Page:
China's Internet Regulators Investigate WeChat, Weibo and Baidu Causing Fresh Concern

    China's internet regulators have set up formal investigations into potential violations of the Cybersecurity Law by WeChat, Weibo and Baidu causing fresh concern for luxury brands, which heavily rely on the social media apps.
    Photo: VCG
    Yiling PanAuthor
      Published   in News

    China's top social media marketing platforms WeChat and Weibo, and search engine Baidu, are being investigated by the Chinese government for spreading illegal content related to "terrorism, fake rumors and pornography," which may have violated the country's cybersecurity law.

    According to a public statement released on the official website of the Cyberspace Administration of China on August 11, the government organ has filed an official case against these three platforms and is conducting a formal investigation.

    Setting off the investigation were reports and complaints by Chinese online users who claim there is a lot of illegal content about "terrorism," "fake rumors," and "pornography" circulating on WeChat, Weibo and the public forum on Baidu (or Tieba, as it is known in Mandarin).

    "This type of content does harm to China's national security, public safety and social order," the Cybersecurity Administration wrote. "Three online platforms are suspected of violating China's Cybersecurity Law as they have not fulfilled their duties of regulating the forbidden information."

    This is also the first time that the country's top internet regulator launched a formal investigation into major social media platforms since China's new Cybersecurity Law went into force in May 2017. The issue represents a culmination of a series of internet crackdowns engineered by Chinese government officials over the past several months, with the aim of tightening its grip over the flow of online information.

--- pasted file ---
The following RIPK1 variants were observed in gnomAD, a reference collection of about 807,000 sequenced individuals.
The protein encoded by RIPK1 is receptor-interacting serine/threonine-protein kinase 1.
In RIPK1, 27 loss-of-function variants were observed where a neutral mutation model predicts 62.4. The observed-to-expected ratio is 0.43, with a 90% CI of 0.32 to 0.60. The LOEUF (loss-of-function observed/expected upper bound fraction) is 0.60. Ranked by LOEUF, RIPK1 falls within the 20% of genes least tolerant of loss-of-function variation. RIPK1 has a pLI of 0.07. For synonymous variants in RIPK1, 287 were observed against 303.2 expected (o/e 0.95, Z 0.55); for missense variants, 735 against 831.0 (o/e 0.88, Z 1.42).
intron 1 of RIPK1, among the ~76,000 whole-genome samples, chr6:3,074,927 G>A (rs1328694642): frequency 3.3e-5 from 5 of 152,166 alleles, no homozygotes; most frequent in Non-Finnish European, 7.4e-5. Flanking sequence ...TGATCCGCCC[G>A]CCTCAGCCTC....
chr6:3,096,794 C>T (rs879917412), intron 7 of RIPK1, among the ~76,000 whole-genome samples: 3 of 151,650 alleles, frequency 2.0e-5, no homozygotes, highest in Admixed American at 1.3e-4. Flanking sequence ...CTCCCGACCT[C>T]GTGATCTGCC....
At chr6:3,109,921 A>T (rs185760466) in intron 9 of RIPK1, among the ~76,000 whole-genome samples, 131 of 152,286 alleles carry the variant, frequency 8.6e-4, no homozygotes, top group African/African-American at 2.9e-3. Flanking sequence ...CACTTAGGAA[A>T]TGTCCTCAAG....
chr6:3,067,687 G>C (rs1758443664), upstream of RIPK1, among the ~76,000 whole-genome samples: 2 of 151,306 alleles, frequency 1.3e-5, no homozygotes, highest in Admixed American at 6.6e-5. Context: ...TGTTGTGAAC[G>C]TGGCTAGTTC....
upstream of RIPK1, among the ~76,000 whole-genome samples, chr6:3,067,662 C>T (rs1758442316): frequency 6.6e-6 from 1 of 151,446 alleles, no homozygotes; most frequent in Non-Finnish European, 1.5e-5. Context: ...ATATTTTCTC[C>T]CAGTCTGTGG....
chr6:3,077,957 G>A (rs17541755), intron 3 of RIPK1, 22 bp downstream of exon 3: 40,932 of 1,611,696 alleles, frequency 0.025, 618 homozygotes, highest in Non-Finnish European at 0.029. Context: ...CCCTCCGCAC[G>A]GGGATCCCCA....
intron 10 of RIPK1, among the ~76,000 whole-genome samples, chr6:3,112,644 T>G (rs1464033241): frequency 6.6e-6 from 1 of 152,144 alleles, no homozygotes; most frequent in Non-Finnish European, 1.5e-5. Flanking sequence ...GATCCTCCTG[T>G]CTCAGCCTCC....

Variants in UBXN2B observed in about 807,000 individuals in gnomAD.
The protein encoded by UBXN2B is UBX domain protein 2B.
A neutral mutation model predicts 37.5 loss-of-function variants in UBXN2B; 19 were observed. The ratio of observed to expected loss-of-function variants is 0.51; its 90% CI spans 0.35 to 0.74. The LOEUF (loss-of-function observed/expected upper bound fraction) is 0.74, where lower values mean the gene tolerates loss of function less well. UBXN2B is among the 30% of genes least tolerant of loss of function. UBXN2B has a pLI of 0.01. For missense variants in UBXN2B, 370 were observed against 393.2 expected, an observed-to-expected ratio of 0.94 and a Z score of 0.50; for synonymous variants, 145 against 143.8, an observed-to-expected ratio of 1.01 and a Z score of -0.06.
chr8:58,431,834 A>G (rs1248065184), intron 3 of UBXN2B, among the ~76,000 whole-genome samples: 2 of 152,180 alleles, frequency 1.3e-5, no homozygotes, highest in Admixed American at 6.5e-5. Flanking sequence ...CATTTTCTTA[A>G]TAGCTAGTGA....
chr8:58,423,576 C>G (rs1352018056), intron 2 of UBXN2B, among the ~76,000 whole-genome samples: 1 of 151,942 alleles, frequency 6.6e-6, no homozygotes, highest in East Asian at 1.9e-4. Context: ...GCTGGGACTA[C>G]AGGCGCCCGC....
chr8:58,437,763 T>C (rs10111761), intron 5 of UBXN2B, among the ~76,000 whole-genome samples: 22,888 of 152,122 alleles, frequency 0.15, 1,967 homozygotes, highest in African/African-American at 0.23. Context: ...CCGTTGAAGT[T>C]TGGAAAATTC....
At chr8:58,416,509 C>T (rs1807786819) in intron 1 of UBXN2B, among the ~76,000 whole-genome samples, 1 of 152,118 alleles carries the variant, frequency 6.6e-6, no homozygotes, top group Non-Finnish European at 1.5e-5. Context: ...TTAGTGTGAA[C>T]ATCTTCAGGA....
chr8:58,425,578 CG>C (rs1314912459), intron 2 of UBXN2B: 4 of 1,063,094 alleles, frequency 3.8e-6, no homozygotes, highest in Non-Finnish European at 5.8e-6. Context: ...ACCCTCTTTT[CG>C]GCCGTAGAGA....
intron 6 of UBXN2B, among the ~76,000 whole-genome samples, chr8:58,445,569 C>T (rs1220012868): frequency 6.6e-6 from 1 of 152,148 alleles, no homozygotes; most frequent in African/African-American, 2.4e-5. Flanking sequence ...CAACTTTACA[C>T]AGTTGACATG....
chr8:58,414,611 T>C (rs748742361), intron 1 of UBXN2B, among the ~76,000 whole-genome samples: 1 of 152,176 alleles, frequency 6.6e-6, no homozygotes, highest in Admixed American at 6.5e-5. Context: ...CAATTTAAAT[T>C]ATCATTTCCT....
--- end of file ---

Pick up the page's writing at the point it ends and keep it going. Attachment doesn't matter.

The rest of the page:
In early June, internet regulators shut down 60 social media accounts including the Hearst-owned fashion magazine Harper's Bazaar that has a large following and social influence on Weibo and WeChat. Regulators claimed, at that time, that those publications were spreading celebrity news and gossip, undermining socialist values. The crackdown further spread to the booming live-streaming industry, which has become the core business for companies like Weibo.

    Many Western publications have said the crackdown is partially owed to the upcoming 19th National Congress of the Communist Party of China. Occurring every five years, the event is one of the most important for the Communist Party and marks a significant change in its top leadership. President Xi Jinping is about to complete his five-year term and expects to renew it.

    Upon the official announcement, WeChat, Weibo and Baidu all immediately released statements to indicate their willingness and determination to closely cooperate with the government to solve these issues on their platforms. The oversight of online media content should alert international luxury brands, which now heavily rely on these social media apps to operate their business in China.

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